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Indigenous cultural expert brings ancient Medicine Wheel teachings to UofGH

Kim Wheatley

Sacred beliefs and teachings­, which frame culture and identity — passed on from one generation to another — are an integral part of all Indigenous Peoples across Canada.

Several students and faculty members from the University of Guelph-Humber participated in traditional teachings as part of an event held on campus recently.

Kim Wheatley, Senior Manager of Culture & Community Outreach for the Aboriginal Sport & Wellness Council of Ontario (ASWCO), introduced the basic parts of the Medicine Wheel in an interactive workshop inviting the participants to recreate the revered symbol based on their own interpretation.

What is a Medicine Wheel?

According to Indigenous teachings, the Medicine Wheel is a key symbol of peaceful interaction and represents all of creation, harmony and connections. The four quarters of the Medicine Wheel represent the four directions, the four elements of life, four seasons, and four stages of life, and more.

The Medicine Wheel is a fluid concept because people can decode it in more than one way, Wheatley pointed out.

“Today, you all experienced what it means to translate an Indigenous concept in a foreign environment and foreign language (English),” Wheatley remarked, adding that sometimes the main essence of Indigenous wisdom can become lost in translation, especially when it is interpreted in another language, or by people unfamiliar with the culture.

“I hope you have learned how the principles of the Medicine Wheel can be incorporated into your lives and how it is indeed a universal tool.”

Warren Schlote, a fourth-year Media Studies student who participated in the workshop, said that even though he was somewhat aware of the concept, he did not realize its real significance. The workshop gave him lot to think about, he said.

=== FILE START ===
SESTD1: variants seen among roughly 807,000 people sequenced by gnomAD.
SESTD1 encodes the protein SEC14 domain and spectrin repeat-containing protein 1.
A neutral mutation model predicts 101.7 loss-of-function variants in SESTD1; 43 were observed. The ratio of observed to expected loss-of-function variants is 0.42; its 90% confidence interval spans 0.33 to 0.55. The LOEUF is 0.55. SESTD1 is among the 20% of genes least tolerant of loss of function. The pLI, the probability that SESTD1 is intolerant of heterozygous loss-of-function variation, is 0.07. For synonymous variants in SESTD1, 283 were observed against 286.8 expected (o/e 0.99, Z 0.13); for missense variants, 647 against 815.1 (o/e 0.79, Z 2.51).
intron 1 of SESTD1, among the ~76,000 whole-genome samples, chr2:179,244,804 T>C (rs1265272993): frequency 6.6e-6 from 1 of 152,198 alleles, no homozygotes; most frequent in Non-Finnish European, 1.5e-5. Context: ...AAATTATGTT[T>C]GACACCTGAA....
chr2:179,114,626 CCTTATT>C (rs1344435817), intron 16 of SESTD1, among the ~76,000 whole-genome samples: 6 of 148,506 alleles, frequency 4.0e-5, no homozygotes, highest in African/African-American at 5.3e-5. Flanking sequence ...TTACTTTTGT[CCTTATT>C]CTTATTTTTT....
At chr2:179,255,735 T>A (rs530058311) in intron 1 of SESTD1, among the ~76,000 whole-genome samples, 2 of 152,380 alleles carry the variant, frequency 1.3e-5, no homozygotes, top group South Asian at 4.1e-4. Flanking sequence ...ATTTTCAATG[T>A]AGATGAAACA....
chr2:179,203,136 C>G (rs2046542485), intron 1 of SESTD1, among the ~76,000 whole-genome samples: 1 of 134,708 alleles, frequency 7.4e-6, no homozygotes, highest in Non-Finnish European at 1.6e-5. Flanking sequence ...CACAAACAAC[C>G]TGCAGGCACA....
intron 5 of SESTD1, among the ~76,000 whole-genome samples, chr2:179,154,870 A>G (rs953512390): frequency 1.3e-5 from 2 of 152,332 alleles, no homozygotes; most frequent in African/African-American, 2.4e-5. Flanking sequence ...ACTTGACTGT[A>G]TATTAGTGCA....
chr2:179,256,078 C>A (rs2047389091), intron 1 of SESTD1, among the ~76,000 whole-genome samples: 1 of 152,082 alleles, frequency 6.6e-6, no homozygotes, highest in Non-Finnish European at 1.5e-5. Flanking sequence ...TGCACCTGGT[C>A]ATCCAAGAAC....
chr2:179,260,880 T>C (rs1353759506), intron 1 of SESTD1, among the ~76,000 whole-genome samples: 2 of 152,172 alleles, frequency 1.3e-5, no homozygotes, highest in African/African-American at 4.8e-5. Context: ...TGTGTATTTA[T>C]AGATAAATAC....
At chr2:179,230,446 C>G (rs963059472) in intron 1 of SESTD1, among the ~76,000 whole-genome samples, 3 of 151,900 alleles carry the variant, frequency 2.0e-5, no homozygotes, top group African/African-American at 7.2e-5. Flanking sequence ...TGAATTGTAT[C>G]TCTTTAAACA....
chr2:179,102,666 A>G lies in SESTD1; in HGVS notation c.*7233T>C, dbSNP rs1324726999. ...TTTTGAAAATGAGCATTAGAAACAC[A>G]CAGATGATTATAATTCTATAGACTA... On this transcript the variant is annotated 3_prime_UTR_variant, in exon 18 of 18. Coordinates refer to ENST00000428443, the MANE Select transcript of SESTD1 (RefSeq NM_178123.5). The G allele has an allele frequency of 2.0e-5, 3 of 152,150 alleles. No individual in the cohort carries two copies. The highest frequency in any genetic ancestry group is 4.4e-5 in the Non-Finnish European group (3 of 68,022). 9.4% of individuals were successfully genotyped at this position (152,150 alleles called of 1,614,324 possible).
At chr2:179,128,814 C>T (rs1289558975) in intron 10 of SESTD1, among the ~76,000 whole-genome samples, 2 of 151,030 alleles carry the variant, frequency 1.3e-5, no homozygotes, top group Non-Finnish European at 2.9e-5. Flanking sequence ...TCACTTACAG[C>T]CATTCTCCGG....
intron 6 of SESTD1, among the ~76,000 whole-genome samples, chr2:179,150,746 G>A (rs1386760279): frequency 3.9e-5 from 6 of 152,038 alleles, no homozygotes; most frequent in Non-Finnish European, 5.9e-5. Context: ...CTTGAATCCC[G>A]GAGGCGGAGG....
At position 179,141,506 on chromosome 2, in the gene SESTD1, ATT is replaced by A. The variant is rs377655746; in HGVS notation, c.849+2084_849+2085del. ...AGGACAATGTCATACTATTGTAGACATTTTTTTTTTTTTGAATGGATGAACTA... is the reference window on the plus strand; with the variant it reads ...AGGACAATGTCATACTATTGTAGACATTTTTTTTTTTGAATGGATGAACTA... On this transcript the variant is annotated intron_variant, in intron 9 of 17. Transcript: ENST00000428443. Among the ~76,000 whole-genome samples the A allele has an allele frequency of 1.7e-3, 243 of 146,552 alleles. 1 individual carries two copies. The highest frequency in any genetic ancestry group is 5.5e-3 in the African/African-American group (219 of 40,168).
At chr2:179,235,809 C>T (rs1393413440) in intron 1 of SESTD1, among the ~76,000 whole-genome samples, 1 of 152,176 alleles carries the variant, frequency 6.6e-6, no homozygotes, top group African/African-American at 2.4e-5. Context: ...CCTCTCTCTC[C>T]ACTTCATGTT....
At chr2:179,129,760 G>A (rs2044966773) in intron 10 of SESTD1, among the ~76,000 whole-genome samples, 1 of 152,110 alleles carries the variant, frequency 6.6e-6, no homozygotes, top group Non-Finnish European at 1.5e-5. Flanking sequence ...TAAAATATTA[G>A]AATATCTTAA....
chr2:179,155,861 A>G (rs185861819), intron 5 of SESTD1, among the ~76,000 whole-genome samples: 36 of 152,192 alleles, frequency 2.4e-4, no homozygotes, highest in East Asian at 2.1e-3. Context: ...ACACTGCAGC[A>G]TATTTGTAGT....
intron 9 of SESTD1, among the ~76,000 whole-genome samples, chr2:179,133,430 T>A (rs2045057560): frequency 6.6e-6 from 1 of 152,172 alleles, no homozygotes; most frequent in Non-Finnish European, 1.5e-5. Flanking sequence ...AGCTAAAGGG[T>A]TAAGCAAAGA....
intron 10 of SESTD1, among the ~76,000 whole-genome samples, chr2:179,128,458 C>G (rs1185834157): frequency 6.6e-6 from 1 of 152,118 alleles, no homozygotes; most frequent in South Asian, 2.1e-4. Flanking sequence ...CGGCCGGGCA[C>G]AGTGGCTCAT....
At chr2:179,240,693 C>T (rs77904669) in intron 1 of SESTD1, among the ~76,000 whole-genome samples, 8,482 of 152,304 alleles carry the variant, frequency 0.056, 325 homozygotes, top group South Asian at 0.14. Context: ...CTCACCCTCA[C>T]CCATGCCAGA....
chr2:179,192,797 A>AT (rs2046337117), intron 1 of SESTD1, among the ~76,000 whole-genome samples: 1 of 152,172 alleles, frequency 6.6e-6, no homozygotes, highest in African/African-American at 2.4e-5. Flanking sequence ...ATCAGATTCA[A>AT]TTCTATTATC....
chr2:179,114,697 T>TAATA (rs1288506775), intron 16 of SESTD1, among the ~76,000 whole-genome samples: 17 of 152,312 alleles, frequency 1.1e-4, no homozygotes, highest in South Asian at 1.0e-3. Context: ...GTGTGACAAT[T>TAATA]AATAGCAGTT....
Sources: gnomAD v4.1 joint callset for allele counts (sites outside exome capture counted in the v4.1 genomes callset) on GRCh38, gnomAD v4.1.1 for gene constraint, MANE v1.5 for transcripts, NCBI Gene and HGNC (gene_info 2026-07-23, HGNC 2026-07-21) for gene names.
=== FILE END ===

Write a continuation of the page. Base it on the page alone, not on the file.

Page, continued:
“Modern life is busy and a lot of people feel ungrounded or lost for a variety of reasons,” said Schlote. “The Medicine Wheel teaches us about balance and the cyclical nature of life. It can be used as a tool to keep things in perspective.”

The 2018 Masters’ Indigenous Games

The primary focus of the workshop was to show the connection between the body, mind, emotions and spirit  important elements that will be the forefront theme during the upcoming 2018 Masters’ Indigenous Games. Students and faculty from UofGH are set to volunteer at the games.

The Masters’ Games takes place on July 12-15 at Downsview Park, and will feature more than 2,000 participants.

“The main objective of the games is to provide Indigenous adults aged 20 years and older with the opportunity to take part and compete in several contemporary and traditional sporting activities such as hockey, soccer, athletics, tug-of-war, archery, teepee building and more,” Wheatley noted.

“The event will also host a cultural village, featuring Indigenous art, performances, and sport demonstrations, which will all provide an excellent way for all attendees to learn about and celebrate Indigenous cultures from around the world.”

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